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22-27 October 2018
Mahatma Mandir Conference Centre
Asia/Kolkata timezone
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Impurity Screening in High Density Aditya Tokamak Plasmas

24 Oct 2018, 14:00
4h 45m
Mahatma Mandir Conference Centre

Mahatma Mandir Conference Centre

Gandhinagar (nearest Airport: Ahmedabad), India
Poster P4 Posters

Speaker

Mrs RANJANA MANCHANDA (INSTITUTE FOR PLASMA RESEARCH)

Description

R. Manchanda1, M. B. Chowdhuri1, Nandini Yadava2, J. Ghosh1, 3, S. Banerjee1, Nilam Nimavat, K. Tahiliani, M. V. Gopalakrishna, U. C. Nagora1, P. K. Atrey1, J. Raval1, Y. S. Joisa1,
K. A. Jadeja1, R. L. Tanna1, and Aditya team

1Institute for Plasma Research, Bhat, Gandhinagar 382 428, India
2Gujarat University, Navrangpura, Ahmedabad 380 009, India
3Homi Bhabha National Institute, Mumbai, 400094, India

E-mail : rmanchanda@ipr.res.in

Abstract

Impurity behaviour has been studied for the high density Aditya tokamak plasmas. These discharges were operated with higher toroidal magnetic fields and thereby it sustained higher plasma current. Higher densities were achieved with the help of multiple gas puffs. High energy confinement times, sometimes higher than the values predicated by Neo-Alcator scaling for Ohmically heated tokamak plasma were achieved for these discharges [1]. In Aditya tokamak, visible and VUV spectroscopy have been extensively used to study the impurity behaviour. The neutral hydrogen and impurity emissions were routinely monitored by optical fiber, interference filter and PMT based system in the visible range. The spectral line emissions from higher ionized charge state of impurities, such as C4+, and O5+, were recorded by a VUV survey spectrometer operated in the 10 - 180 nm. This wavelength range covers the important lines of partially ionized low and medium Z impurities, as for example iron and also emissions from higher excited states of highly ionized low Z impurities, like carbon and oxygen. It has been found that H, OII, and CIII emissions normalized with density (ne), and visible continuum normalized with ne2 show a gradual decrease with increase in density indicating lower impurity concentration in the high density discharges. This is also corroborated by the observed reduction in radiation power losses with increase in ne. These results clearly suggest the achievement of improved confinement for Aditya plasma and are correlated with obtained higher energy confinement times in those discharges. In this presentation, details studies on impurity behaviour for its role into the improved plasma properties in these high densities plasma discharges will be discussed.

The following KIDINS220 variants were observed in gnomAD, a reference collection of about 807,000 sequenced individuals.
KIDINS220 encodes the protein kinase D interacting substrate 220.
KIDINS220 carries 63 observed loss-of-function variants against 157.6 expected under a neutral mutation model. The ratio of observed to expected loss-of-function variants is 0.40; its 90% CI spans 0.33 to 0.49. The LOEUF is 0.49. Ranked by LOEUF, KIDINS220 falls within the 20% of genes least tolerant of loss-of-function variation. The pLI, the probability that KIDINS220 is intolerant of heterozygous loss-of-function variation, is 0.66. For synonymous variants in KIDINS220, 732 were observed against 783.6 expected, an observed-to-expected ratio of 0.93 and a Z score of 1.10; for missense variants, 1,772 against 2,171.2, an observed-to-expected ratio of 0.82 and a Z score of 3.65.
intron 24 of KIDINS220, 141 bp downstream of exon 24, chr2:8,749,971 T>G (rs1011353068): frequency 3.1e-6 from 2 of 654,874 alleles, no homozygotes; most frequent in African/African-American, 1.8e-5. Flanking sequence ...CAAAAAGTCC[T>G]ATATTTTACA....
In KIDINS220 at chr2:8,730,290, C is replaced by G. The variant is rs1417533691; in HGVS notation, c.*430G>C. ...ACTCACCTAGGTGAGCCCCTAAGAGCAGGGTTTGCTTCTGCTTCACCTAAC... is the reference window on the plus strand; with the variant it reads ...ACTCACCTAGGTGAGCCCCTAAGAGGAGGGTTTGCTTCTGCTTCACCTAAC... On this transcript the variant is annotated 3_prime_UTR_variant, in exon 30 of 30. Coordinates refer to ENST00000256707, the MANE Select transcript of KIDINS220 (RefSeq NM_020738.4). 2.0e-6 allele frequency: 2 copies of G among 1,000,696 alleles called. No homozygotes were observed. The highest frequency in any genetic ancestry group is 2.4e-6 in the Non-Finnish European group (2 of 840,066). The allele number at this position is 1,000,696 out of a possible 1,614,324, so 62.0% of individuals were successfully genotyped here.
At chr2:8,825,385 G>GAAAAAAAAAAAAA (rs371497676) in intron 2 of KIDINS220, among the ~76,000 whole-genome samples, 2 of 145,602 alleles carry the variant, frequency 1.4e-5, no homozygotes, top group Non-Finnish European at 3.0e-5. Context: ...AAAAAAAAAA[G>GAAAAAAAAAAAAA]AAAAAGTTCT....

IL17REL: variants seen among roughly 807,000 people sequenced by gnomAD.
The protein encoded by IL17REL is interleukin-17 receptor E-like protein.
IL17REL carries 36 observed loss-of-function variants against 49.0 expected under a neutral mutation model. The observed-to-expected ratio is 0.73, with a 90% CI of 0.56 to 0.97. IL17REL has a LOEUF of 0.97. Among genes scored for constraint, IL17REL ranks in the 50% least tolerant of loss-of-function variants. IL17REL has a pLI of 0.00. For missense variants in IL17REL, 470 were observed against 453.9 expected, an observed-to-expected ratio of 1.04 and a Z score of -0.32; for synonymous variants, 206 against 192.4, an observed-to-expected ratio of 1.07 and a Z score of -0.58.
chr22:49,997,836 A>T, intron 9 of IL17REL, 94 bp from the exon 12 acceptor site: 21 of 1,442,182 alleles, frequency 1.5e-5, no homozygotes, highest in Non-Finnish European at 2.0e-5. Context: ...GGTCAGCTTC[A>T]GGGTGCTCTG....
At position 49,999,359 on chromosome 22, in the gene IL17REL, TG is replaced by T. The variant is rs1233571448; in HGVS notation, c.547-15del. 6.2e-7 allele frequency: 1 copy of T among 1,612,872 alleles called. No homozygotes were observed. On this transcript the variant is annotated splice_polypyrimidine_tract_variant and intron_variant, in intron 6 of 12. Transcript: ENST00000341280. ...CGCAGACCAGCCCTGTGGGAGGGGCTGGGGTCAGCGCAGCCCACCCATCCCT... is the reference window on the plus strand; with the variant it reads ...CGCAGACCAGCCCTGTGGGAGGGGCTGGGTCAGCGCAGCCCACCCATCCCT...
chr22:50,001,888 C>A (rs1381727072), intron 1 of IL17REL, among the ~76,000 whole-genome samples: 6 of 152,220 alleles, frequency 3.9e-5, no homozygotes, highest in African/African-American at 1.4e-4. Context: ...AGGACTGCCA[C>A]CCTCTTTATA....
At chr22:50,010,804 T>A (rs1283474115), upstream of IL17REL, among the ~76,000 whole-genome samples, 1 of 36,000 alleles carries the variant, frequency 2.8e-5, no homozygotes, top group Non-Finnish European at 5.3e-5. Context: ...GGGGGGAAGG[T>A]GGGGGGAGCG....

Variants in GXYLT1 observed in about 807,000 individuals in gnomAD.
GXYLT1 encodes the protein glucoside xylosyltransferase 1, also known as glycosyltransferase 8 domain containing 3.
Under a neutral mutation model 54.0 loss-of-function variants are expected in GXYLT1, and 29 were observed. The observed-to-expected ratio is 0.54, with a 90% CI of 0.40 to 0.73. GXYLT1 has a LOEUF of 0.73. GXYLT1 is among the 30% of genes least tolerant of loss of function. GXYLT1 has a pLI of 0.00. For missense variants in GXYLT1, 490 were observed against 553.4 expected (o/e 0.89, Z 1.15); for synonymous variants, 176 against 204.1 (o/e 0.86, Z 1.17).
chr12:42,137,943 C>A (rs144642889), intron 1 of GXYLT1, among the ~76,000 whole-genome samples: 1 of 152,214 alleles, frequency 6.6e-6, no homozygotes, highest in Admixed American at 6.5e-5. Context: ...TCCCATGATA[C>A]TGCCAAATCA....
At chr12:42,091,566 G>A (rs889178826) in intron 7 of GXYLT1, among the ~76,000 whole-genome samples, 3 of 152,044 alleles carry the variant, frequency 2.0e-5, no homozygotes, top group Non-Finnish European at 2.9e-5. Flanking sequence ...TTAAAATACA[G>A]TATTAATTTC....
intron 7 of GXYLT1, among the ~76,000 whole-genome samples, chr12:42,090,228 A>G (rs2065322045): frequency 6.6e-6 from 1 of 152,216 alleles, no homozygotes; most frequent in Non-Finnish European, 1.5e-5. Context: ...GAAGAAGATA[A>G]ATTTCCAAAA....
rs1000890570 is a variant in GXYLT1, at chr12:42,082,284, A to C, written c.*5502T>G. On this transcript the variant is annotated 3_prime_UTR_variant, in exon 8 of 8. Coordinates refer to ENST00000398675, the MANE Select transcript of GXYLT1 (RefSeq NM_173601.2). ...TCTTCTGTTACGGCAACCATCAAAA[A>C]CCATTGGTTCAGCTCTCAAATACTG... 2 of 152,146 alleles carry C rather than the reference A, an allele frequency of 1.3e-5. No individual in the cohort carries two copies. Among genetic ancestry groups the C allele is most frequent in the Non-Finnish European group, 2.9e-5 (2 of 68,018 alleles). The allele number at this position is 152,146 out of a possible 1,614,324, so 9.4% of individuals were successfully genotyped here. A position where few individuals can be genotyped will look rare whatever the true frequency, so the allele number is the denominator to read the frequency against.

[1] R. L. Tanna, J. Ghosh et al, Nucl. Fusion 57 (2017) 102008

Country or International Organization India
Paper Number EX/P4-6

Primary author

Mrs RANJANA MANCHANDA (INSTITUTE FOR PLASMA RESEARCH)

Co-authors

Mr Gaurav Shukla (Pandit Deendayal Petroleum University) Mr Jayesh Raval (Institute for Plasma Research) Dr Joydeep Ghosh (Institute for Plasma Research) Ms KAJAL SHAH (PANDIT DEENDAYAL PETROLEUM UNIVERSITY) Mr Kumarpalsinh Jadeja (Institute for plasma Research) Mrs Kumudni Tahiliani (Institute for Plasma Research, India) Dr Malay Bikas Chowdhuri (Institute for Plasma Research) Ms Nandini Yadav (Gujarat University) Ms Nilam Nimavat (Institute for Plasma Research) Dr Payal Pandit (Institute for Plasma Research, Gandhinagar) Mr Pravin Kumar Atrey (Institute for Plasma Research) Mr Rakesh Tanna (Institute For Plasma Research) Dr Santanu Banerjee (Institute for Plasma Research) Mr Shankar Joisa (Institute for Plasma research) Mr Sharvil Patel (Birla Institute of Technology, Jaipur, India) Mr Umesh Nagora (Institute for Plasma Research)

Presentation Materials

Paper